All in all, it seems like Kohl’s shares are already pricing in a deep recession (or even worse). This is not exclusive to this name, as most retailers and consumer discretionary names are down significantly YTD. But the reality is that Kohl’s has valuable assets, has consistently been generating free cash flow in the past, is repurchasing shares aggressively, and is not one of the main Covid over-earners. Its strategy, particularly the Sephora partnership, makes sense and is gaining traction. If future results are not worse than what is currently feared, I expect Kohl’s shares to rerate substantially and would not rule out Franchise Group coming back to the negotiation table once financial conditions and the operating environment have stabilized.
Spirit Airlines (SAVE)
Since my latest update, the bidding war for Spirit Airlines has escalated, ultimately resulting in JetBlue offering an all-cash price of $33.50 per Spirit share, including the accelerated payment of $2.50 per share, as well as a ticking fee mechanism (monthly prepayment of $0.10 per share from January 2023 until the deal is consummated or terminated). As of this writing, the latest Frontier offer (1.9126 shares of Frontier per Spirit share, plus $4.13 in cash) values Spirit Airlines at $24.70, a 26% discount to JetBlue’s offer. With Spirit’s shares now trading at $24.90 (a small premium to Frontier’s offer, compared to an average discount of ~10% prior to JetBlue’s involvement), the market is pricing a non-zero chance for a bump to Frontier’s offer, or a preference for JetBlue’s bid.
The reason is obvious: the postponement of the special meeting means that Spirit does not have the votes required for the Frontier transaction. At the same time and before the first adjournment, approximately 12% of its shares were tendered into JetBlue’s $30 tender offer, which has been extended to July 29.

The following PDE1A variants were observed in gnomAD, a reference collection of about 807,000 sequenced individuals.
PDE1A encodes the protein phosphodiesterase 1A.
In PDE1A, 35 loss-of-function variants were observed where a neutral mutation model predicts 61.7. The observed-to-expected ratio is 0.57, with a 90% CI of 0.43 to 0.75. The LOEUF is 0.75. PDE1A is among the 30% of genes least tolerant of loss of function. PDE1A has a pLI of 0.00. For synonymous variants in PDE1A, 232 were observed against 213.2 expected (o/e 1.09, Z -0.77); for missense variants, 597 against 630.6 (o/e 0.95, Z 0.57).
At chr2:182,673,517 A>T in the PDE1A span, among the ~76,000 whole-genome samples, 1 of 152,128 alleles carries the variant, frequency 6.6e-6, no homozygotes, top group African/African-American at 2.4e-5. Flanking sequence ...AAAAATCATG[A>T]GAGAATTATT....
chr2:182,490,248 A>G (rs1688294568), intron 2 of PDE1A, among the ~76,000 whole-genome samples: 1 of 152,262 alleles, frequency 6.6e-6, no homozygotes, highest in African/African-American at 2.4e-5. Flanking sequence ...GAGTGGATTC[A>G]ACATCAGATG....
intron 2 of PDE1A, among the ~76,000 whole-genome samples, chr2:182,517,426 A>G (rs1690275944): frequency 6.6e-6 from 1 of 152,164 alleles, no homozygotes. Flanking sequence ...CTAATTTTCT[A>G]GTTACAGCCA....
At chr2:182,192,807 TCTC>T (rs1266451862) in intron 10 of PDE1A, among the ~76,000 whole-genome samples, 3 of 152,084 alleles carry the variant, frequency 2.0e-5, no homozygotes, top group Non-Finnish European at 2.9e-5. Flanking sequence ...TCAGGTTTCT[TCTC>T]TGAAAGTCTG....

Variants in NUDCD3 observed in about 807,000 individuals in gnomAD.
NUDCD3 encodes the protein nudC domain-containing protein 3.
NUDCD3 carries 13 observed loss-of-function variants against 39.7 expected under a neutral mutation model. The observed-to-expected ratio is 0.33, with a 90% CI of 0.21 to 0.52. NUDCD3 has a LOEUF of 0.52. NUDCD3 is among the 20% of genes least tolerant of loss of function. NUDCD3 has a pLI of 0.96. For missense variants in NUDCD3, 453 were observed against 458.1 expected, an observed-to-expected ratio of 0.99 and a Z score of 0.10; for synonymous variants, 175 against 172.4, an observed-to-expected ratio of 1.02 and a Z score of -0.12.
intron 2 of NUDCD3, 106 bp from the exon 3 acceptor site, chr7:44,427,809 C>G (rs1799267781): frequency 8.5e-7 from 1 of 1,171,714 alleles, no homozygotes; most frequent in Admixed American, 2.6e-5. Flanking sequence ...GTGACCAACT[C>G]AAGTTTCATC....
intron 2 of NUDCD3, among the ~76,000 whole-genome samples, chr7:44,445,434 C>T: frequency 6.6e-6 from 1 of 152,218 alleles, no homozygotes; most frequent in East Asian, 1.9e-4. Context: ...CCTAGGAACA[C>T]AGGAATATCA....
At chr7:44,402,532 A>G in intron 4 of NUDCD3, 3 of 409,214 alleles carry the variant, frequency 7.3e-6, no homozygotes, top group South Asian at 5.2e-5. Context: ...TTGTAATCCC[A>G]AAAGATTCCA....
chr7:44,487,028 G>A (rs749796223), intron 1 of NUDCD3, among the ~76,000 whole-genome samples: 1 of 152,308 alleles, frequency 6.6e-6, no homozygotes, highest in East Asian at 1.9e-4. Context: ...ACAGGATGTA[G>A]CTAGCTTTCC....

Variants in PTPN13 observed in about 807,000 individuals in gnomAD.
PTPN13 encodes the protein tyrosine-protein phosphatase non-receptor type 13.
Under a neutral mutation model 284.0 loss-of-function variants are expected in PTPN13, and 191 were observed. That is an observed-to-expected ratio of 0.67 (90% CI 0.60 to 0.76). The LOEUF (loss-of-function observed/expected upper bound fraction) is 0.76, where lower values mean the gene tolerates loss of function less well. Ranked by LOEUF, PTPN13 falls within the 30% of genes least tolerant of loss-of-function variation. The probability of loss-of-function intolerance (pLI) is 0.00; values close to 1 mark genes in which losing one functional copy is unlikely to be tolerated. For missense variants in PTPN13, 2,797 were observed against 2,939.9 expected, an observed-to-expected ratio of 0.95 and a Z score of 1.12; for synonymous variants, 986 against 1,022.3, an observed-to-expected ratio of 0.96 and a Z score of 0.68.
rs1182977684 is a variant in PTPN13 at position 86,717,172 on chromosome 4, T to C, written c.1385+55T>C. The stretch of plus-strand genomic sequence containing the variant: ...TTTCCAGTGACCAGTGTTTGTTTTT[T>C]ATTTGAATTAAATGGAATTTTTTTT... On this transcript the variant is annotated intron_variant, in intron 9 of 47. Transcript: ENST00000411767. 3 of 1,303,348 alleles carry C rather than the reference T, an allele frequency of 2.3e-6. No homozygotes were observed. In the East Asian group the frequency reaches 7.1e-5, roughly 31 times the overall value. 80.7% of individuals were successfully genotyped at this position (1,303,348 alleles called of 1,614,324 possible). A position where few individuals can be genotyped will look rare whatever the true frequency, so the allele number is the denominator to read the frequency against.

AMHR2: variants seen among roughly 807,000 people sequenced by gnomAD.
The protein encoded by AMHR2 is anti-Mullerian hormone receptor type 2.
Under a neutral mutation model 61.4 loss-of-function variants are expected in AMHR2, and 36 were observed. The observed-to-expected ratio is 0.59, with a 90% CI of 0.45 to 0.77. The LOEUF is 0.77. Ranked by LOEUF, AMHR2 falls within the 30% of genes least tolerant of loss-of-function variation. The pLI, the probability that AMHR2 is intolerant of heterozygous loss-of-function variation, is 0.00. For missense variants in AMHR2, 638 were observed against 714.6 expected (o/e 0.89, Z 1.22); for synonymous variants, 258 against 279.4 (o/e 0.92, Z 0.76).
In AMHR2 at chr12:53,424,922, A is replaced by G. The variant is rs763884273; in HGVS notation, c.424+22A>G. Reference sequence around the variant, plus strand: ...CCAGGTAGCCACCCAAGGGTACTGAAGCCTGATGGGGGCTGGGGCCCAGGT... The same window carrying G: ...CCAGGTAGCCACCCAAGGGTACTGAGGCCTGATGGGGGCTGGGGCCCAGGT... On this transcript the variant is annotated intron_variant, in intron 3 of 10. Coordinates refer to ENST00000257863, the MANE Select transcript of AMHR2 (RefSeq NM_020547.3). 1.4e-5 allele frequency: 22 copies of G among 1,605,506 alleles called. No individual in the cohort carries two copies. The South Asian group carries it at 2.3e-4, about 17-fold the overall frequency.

With the vote now scheduled for next Friday (July 15), JetBlue’s comments are growing increasingly positive:
We are encouraged by our discussions with Spirit and are hopeful they now recognize that Spirit shareholders have indicated their clear, overwhelming preference for an agreement with JetBlue. We strongly recommend that Spirit shareholders continue to let the Spirit Board know they want to receive the superior value JetBlue has proposed, by voting AGAINST the Frontier transaction.
The outcome of this battle for Spirit should unfold very soon, and it now seems that a transaction with Frontier on the current terms has very limited chances of happening.
More than a month and a half after the initial M&A chatter, a Korean media provided an update on the rumored deal with LX Group.
According to the article published yesterday, LX Group has completed its due diligence on Magnachip and could submit a final offer by the end of next week. However, it seems that their Private Equity partner won’t be participating in the offer.
Shares were down over the past couple of weeks given the lackluster outlook for semiconductors, but were up almost 10% of the news. It remains to be seen if LX Group will submit an appropriate bid for Magnachip, but I expect this situation to play out in the next couple of weeks and the risk-reward still seems compelling.